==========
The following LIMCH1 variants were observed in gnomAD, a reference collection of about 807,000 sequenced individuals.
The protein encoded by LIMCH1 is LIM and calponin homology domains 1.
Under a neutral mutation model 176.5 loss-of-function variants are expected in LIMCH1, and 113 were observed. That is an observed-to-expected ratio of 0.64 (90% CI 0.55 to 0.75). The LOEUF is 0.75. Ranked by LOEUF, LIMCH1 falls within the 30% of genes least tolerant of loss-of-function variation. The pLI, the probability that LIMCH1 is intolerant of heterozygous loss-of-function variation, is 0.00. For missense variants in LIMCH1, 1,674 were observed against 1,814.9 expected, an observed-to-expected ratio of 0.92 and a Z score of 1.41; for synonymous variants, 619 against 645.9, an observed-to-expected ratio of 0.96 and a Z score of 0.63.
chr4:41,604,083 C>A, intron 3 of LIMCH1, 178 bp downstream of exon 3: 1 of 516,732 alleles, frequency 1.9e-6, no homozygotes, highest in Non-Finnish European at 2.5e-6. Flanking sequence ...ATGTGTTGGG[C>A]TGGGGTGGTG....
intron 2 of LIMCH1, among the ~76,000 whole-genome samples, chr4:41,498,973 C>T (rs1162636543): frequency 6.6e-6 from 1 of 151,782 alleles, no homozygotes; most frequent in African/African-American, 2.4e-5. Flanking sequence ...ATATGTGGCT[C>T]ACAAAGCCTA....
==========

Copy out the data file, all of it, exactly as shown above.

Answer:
The following LIMCH1 variants were observed in gnomAD, a reference collection of about 807,000 sequenced individuals.
The protein encoded by LIMCH1 is LIM and calponin homology domains 1.
Under a neutral mutation model 176.5 loss-of-function variants are expected in LIMCH1, and 113 were observed. That is an observed-to-expected ratio of 0.64 (90% CI 0.55 to 0.75). The LOEUF is 0.75. Ranked by LOEUF, LIMCH1 falls within the 30% of genes least tolerant of loss-of-function variation. The pLI, the probability that LIMCH1 is intolerant of heterozygous loss-of-function variation, is 0.00. For missense variants in LIMCH1, 1,674 were observed against 1,814.9 expected, an observed-to-expected ratio of 0.92 and a Z score of 1.41; for synonymous variants, 619 against 645.9, an observed-to-expected ratio of 0.96 and a Z score of 0.63.
chr4:41,604,083 C>A, intron 3 of LIMCH1, 178 bp downstream of exon 3: 1 of 516,732 alleles, frequency 1.9e-6, no homozygotes, highest in Non-Finnish European at 2.5e-6. Flanking sequence ...ATGTGTTGGG[C>A]TGGGGTGGTG....
intron 2 of LIMCH1, among the ~76,000 whole-genome samples, chr4:41,498,973 C>T (rs1162636543): frequency 6.6e-6 from 1 of 151,782 alleles, no homozygotes; most frequent in African/African-American, 2.4e-5. Flanking sequence ...ATATGTGGCT[C>T]ACAAAGCCTA....